Living in the ‘countryside
The NVM notes an increase in the number of moves to the ‘countryside’. Now the countryside is of course a rather elastic concept. According to the definition, all areas outside the built-up area are rural. So whoever takes a step outside of Nuenen or, say, Best, is right in the middle of it. But how can you say that you are suddenly in a sparsely populated area with far fewer facilities and a very different culture, which are also characteristics of the countryside? It is more ‘urbanized countryside’ you could say. Personally I think more of areas around Bergeijk and Reusel-De Mierden to name but a few.
In any case, a slightly growing interest in the rural area had already been noticeable for some years. Certainly from the Randstad there was already an attraction to areas such as the Achterhoek, Southeast Drenthe and Southwest Friesland. Incidentally, these are often people with higher incomes who sometimes even keep a floor in the city. But working from home by corona would have given an extra impulse, reinforcing this trend somewhat, the NVM figures show. In 2020, the share of people buying a rural home from the Randstad increased from 16% to 18%. Not a landslide, but a clear strengthening. And as a result, the tightness and sales velocity in rural areas are also increasing, as are the price increases. Rural home prices were up 13% in 2020.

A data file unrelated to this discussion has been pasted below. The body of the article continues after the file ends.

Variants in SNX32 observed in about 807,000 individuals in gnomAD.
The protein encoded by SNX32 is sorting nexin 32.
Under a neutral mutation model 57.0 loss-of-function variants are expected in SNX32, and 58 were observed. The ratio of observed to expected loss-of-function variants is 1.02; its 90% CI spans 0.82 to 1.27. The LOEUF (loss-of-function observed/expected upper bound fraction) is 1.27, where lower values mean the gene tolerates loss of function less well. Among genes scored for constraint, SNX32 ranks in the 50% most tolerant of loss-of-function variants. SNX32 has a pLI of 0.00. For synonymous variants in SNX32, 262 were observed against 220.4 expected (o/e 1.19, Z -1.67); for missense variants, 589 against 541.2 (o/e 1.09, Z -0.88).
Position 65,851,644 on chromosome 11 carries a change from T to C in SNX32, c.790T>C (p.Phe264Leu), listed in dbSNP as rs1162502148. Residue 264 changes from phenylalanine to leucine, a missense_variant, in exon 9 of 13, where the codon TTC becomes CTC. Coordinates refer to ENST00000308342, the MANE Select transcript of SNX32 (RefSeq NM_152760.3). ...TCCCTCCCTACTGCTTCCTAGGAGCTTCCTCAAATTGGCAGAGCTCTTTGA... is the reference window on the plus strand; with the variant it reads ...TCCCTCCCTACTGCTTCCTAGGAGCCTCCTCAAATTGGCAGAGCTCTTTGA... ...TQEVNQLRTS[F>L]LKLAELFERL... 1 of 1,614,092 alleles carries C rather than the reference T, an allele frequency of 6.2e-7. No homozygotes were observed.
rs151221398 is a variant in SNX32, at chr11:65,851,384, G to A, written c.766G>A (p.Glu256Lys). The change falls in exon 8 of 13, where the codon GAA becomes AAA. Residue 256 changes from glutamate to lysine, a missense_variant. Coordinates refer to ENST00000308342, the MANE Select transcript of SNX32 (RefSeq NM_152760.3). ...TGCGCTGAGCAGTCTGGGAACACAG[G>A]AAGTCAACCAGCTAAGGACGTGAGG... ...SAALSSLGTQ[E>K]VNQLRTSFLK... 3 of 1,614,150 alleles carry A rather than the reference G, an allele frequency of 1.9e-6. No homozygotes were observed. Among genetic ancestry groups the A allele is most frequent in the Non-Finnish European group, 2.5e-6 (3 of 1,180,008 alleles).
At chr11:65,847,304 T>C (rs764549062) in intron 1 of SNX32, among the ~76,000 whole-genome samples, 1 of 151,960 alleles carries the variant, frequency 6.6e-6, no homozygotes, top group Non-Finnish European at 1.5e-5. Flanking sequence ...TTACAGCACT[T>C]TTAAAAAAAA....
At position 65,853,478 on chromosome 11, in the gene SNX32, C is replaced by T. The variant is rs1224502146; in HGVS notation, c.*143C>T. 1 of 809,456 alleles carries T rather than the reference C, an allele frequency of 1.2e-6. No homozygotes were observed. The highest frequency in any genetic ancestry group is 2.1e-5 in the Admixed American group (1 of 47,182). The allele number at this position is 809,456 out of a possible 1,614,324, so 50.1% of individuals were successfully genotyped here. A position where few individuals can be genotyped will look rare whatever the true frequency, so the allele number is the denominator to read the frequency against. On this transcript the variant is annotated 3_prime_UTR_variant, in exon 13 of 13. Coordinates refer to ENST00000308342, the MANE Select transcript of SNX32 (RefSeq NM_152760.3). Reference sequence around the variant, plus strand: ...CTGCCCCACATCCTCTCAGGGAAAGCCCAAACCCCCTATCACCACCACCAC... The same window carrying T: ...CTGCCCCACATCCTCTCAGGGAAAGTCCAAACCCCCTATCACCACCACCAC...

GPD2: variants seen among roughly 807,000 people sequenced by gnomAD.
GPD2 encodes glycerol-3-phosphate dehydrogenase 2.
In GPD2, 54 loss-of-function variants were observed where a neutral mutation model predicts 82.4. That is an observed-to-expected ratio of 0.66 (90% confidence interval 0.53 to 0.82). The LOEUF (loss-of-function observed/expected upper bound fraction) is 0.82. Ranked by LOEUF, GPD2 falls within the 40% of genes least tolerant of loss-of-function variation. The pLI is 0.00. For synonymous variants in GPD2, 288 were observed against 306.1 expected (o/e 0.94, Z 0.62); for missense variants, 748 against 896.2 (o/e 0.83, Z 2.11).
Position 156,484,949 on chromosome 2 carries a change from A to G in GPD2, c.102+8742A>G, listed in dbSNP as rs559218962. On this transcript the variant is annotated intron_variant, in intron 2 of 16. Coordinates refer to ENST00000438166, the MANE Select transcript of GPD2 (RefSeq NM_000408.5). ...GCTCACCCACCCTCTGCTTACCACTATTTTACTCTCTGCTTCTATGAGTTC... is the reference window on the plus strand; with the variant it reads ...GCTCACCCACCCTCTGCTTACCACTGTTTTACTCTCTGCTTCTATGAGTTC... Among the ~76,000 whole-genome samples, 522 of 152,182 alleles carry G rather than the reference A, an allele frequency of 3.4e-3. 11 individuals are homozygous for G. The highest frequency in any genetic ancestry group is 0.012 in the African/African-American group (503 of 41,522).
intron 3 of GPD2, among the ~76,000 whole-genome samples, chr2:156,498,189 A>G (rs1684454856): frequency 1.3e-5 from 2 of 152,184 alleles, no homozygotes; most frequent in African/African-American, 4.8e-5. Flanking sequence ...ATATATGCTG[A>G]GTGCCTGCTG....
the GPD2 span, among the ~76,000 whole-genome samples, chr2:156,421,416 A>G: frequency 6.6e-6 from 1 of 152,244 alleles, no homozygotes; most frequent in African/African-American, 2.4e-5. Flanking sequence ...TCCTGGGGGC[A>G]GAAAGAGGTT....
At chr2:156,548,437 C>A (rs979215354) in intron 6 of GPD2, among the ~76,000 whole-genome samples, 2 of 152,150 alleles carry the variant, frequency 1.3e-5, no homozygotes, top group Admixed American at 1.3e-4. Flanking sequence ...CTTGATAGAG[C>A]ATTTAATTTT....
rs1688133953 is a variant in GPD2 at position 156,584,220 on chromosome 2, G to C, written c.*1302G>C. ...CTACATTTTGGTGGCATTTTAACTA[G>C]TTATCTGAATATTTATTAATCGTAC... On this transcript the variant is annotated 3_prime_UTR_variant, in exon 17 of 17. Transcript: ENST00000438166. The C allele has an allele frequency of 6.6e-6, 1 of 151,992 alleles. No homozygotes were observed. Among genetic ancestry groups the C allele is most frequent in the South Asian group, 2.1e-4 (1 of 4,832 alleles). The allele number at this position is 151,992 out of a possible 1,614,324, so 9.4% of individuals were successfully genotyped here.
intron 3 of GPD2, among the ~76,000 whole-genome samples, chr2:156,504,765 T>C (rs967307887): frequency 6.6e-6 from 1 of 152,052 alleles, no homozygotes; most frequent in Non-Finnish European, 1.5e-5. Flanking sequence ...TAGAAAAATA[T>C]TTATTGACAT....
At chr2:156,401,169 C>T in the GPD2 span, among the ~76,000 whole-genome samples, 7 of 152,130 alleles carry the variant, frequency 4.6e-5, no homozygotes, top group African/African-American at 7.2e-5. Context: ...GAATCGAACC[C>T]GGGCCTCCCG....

I have argued quite a bit in recent years that the big city increasingly acts as a magnet and is in strong demand by young people and international knowledge workers. That movement will not radically reverse, but we are seeing more willingness to drive a few miles further for a nice place to live. The scarcity in the city is also related to this, of course. And the countryside may offer more space to urban dwellers in the future, partly due to the transformation of agriculture. But anyone who thinks they can still achieve great price advantages in the countryside needs to act fast. Because the countryside has also started to catch up in terms of price increases.